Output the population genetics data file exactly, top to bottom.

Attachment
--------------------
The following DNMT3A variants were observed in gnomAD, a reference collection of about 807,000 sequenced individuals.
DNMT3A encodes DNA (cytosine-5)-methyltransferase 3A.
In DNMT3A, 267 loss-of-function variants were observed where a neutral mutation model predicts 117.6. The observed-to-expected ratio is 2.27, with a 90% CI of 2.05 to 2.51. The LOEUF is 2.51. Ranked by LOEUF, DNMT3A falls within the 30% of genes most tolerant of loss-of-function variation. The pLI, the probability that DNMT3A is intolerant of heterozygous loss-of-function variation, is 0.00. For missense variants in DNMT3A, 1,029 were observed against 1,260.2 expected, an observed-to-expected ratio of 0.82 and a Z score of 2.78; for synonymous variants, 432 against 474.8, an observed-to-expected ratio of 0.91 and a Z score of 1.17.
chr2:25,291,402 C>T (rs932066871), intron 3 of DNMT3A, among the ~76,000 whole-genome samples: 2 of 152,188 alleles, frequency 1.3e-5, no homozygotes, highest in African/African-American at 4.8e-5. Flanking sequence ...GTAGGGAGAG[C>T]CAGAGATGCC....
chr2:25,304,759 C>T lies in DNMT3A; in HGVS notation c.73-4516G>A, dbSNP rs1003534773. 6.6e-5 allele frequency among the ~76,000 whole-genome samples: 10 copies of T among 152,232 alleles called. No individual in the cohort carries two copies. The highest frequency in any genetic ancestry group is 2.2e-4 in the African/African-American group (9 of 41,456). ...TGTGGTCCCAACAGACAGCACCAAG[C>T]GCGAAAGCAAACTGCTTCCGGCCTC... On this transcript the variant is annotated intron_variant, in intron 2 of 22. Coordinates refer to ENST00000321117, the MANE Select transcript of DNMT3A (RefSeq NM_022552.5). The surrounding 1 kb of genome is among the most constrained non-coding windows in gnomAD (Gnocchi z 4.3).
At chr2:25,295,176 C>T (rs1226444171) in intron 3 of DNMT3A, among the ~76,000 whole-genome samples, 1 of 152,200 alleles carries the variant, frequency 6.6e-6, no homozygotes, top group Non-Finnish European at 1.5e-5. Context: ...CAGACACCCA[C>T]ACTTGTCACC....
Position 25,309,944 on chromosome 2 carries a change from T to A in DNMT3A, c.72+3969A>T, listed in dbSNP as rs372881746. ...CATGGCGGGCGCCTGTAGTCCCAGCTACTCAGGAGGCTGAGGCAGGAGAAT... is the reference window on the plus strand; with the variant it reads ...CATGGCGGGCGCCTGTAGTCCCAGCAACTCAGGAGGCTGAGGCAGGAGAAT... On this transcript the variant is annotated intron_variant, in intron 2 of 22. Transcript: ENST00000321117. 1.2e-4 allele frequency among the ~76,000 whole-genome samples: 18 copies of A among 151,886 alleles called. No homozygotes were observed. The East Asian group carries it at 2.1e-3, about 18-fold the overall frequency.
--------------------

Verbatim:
The following DNMT3A variants were observed in gnomAD, a reference collection of about 807,000 sequenced individuals.
DNMT3A encodes DNA (cytosine-5)-methyltransferase 3A.
In DNMT3A, 267 loss-of-function variants were observed where a neutral mutation model predicts 117.6. The observed-to-expected ratio is 2.27, with a 90% CI of 2.05 to 2.51. The LOEUF is 2.51. Ranked by LOEUF, DNMT3A falls within the 30% of genes most tolerant of loss-of-function variation. The pLI, the probability that DNMT3A is intolerant of heterozygous loss-of-function variation, is 0.00. For missense variants in DNMT3A, 1,029 were observed against 1,260.2 expected, an observed-to-expected ratio of 0.82 and a Z score of 2.78; for synonymous variants, 432 against 474.8, an observed-to-expected ratio of 0.91 and a Z score of 1.17.
chr2:25,291,402 C>T (rs932066871), intron 3 of DNMT3A, among the ~76,000 whole-genome samples: 2 of 152,188 alleles, frequency 1.3e-5, no homozygotes, highest in African/African-American at 4.8e-5. Flanking sequence ...GTAGGGAGAG[C>T]CAGAGATGCC....
chr2:25,304,759 C>T lies in DNMT3A; in HGVS notation c.73-4516G>A, dbSNP rs1003534773. 6.6e-5 allele frequency among the ~76,000 whole-genome samples: 10 copies of T among 152,232 alleles called. No individual in the cohort carries two copies. The highest frequency in any genetic ancestry group is 2.2e-4 in the African/African-American group (9 of 41,456). ...TGTGGTCCCAACAGACAGCACCAAG[C>T]GCGAAAGCAAACTGCTTCCGGCCTC... On this transcript the variant is annotated intron_variant, in intron 2 of 22. Coordinates refer to ENST00000321117, the MANE Select transcript of DNMT3A (RefSeq NM_022552.5). The surrounding 1 kb of genome is among the most constrained non-coding windows in gnomAD (Gnocchi z 4.3).
At chr2:25,295,176 C>T (rs1226444171) in intron 3 of DNMT3A, among the ~76,000 whole-genome samples, 1 of 152,200 alleles carries the variant, frequency 6.6e-6, no homozygotes, top group Non-Finnish European at 1.5e-5. Context: ...CAGACACCCA[C>T]ACTTGTCACC....
Position 25,309,944 on chromosome 2 carries a change from T to A in DNMT3A, c.72+3969A>T, listed in dbSNP as rs372881746. ...CATGGCGGGCGCCTGTAGTCCCAGCTACTCAGGAGGCTGAGGCAGGAGAAT... is the reference window on the plus strand; with the variant it reads ...CATGGCGGGCGCCTGTAGTCCCAGCAACTCAGGAGGCTGAGGCAGGAGAAT... On this transcript the variant is annotated intron_variant, in intron 2 of 22. Transcript: ENST00000321117. 1.2e-4 allele frequency among the ~76,000 whole-genome samples: 18 copies of A among 151,886 alleles called. No homozygotes were observed. The East Asian group carries it at 2.1e-3, about 18-fold the overall frequency.